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Wig & Pen to move to ANU's Llewellyn Hall

Date

Henry Belot

Wig and Pen duty-manager, Finn McGrath in the brew-pub's barrell-aging room, in the basement of Canberra House. The brewery plans to move to Llewellyn Hall.

Wig and Pen duty-manager, Finn McGrath in the brew-pub's barrell-aging room, in the basement of Canberra House. The brewery plans to move to Llewellyn Hall. Photo: Rohan Thomson

One of Canberra’s most famous and acclaimed breweries, the Wig & Pen, is to move to the foyer of Llewellyn Hall as the ANU’s school of music plans to reinvent the precinct as a cultural hub.

The Wig & Pen faced the prospect of calling last drinks last year amid plans to redevelop Canberra House as a residential and retail hub.

But an agreement struck with the head of the music school has given the much-loved pub a lifeline, provided, of course, the government agreed to fast-track the development applications.

Andrew  Deakins and Anna Trundle from Turner enjoy a Stout at the Wig and Pen on Sunday.

Andrew Deakins and Anna Trundle from Turner enjoy a Stout at the Wig and Pen on Sunday. Photo: Rohan Thomson

ANU school of music director Peter Tregear said his school had a long-standing relationship with the Wig & Pen, which had assisted fund-raising events for student trips and performances for many years.

“When we heard the pub was having to move due to the demolition of their building, we thought it would be worth a pitch to see whether they’d consider moving in on the ground floor of Llewellyn Hall,” he said.

“We had a discussion over a beer at the pub,” he said. “They were worried about what their future was and responded instantly and enthusiastically.”

Wig and Pen duty-manager, Finn McGrath in the Wig and Pen's grain store, in the basement at Canberra House. The building will be redeveloped later this year.

Wig and Pen duty-manager, Finn McGrath in the Wig and Pen's grain store, in the basement at Canberra House. The building will be redeveloped later this year. Photo: Rohan Thomson

Wig & Pen owner Lachlan McOmish said it would be a great privilege to relocate to Llewellyn Hall, given the pub’s association with Canberra’s arts scene and the school of music in particular.

“This would see the Wig & Pen set up right in the middle of our client base,” he said.

Mr Tregear said the idea was raised by student Callum Builder, who campaigned for a jazz pop-up club on the ground floor.

“Some people might develop a wry smile when they think I could just walk down from my office and grab a beer in the afternoon and, of course, that’s terrific, but this move will really cement the hall as a true arts hub of Canberra where people can meet and congregate,” he said.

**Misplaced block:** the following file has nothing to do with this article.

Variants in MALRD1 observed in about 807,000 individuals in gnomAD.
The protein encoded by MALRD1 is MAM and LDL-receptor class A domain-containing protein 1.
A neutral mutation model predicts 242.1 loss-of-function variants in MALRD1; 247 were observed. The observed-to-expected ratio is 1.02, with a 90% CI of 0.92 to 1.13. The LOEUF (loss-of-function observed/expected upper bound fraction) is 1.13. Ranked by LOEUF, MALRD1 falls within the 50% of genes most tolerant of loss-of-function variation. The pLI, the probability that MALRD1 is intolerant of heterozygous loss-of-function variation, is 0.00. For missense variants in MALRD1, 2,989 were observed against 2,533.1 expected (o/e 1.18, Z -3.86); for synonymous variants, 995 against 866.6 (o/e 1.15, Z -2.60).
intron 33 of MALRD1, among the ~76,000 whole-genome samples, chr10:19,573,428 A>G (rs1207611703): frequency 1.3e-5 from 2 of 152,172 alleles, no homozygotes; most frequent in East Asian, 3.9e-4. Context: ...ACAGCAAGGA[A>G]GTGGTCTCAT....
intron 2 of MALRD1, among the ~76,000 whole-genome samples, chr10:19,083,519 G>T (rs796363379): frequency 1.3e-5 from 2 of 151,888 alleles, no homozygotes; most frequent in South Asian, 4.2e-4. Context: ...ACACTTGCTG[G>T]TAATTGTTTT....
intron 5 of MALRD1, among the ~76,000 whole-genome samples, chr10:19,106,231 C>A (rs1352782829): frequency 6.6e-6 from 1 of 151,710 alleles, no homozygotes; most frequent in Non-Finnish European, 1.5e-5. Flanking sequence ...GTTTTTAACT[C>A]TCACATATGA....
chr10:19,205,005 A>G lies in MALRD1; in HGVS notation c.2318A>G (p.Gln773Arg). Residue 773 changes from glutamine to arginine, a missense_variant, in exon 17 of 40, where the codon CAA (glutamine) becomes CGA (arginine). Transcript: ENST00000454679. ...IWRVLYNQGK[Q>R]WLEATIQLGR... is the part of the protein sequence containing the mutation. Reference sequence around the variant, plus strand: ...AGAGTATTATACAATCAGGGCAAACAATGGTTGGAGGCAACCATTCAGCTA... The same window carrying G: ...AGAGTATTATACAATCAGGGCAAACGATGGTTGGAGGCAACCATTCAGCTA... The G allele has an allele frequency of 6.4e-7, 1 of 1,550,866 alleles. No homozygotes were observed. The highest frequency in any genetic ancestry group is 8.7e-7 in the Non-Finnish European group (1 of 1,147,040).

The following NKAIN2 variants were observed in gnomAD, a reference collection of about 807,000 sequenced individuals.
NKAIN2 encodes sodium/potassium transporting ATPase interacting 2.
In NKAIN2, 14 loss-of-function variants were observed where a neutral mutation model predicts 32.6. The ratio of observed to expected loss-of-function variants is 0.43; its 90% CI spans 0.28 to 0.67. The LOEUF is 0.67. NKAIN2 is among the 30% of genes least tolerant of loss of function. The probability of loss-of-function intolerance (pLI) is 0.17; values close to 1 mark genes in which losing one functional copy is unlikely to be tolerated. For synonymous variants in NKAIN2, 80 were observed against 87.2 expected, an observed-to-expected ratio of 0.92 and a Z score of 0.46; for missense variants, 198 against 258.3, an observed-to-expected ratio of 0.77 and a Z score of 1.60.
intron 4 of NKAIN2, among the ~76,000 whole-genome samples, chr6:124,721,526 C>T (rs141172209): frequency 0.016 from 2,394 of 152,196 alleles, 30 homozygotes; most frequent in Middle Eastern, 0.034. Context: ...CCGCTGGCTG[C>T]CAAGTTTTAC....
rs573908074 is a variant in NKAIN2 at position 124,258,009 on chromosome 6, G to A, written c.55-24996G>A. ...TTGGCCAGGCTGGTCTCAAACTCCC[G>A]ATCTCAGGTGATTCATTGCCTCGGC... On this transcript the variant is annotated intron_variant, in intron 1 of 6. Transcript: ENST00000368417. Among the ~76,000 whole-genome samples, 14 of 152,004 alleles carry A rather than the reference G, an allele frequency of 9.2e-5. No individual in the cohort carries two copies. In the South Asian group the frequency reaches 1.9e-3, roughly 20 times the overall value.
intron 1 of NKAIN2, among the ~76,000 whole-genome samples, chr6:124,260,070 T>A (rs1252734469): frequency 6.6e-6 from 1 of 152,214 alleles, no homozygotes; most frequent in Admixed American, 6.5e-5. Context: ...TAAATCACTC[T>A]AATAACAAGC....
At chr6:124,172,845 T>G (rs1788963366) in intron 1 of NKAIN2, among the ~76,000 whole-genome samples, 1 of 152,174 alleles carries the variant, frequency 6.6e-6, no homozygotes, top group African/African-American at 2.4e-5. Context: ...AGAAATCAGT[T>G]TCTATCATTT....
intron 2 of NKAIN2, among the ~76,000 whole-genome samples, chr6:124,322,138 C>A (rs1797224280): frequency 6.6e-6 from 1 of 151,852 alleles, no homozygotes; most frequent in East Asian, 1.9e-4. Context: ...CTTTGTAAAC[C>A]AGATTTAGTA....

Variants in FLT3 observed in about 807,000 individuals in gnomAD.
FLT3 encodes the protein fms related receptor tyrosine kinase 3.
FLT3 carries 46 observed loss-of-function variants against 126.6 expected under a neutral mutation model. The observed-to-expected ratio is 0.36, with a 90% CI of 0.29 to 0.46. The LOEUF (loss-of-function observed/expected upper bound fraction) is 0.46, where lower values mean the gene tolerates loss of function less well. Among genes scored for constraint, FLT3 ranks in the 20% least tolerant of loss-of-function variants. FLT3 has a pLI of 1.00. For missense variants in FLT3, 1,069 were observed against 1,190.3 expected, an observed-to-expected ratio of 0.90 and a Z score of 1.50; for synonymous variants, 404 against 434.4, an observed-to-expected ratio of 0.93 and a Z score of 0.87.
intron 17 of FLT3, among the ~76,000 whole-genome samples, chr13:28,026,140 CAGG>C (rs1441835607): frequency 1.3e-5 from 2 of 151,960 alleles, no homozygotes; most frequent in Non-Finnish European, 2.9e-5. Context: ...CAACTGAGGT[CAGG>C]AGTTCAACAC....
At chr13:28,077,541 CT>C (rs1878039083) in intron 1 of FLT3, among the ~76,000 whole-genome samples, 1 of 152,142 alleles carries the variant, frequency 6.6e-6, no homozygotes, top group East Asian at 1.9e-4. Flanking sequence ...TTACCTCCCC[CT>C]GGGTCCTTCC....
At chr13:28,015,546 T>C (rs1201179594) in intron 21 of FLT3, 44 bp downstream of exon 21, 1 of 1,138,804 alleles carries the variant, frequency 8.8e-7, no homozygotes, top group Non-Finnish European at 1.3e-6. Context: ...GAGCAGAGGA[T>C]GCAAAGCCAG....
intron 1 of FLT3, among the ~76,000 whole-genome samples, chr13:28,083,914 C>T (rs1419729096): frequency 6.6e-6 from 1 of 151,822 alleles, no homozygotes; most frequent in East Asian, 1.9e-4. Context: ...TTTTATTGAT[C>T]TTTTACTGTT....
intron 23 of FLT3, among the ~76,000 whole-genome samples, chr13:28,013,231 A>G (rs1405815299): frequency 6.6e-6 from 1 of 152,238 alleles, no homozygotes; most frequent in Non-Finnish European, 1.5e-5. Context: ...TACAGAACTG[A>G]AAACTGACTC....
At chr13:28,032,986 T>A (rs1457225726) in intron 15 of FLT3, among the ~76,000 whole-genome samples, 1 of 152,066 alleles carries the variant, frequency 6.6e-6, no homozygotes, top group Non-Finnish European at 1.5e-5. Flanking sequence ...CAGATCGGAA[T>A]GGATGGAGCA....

Mr McOmish said the pub would make every effort to retain the charm that had brought it international acclaim, although the menu would be revised to offer more affordable fare for students and staff.

“We’ll be keeping as much of the existing fittings as possible and all the brewing equipment will be transferred across as is,” he said. “We’ll also be taking over the bar and the existing ceiling at the centre should lend itself nicely.”

Mr McOmish was confident the Wig & Pen would not disrupt orchestra performances at the hall and would provide an ideal destination after concerts.

“We’ll have to work hard to find ways to keep the noise down during orchestra events but we’re confident we’ll be able to do so," he said. "I would never have agreed to move to the hall otherwise.

“We don’t do rock bands or anything like that at the Wig & Pen.”

Mr Tregear said anyone who had been a regular at Llewellyn Hall knew how difficult it could be to grab a drink after a concert and the Wig & Pen would fill the gap perfectly. 

The pub, which would open in September, planned to be based in the hall’s green room where the signature wall stands. That would be protected and become a feature of the pub itself.

The wall carried the signatures of Nelson Mandela and Aung San Suu Kyi, words from the Dalai Lama, the inscriptions of Gough Whitlam and Paul Kelly and a Michael Leunig cartoon angel.

Mr Tregear said the relocation of the pub would encourage many people who would never normally visit a concert hall to give it a try and open the school up to the public.

“The pub would also provide opportunities for students to perform inside the venue when appropriate, a prospect both Lachlan and I are both keen on developing.”

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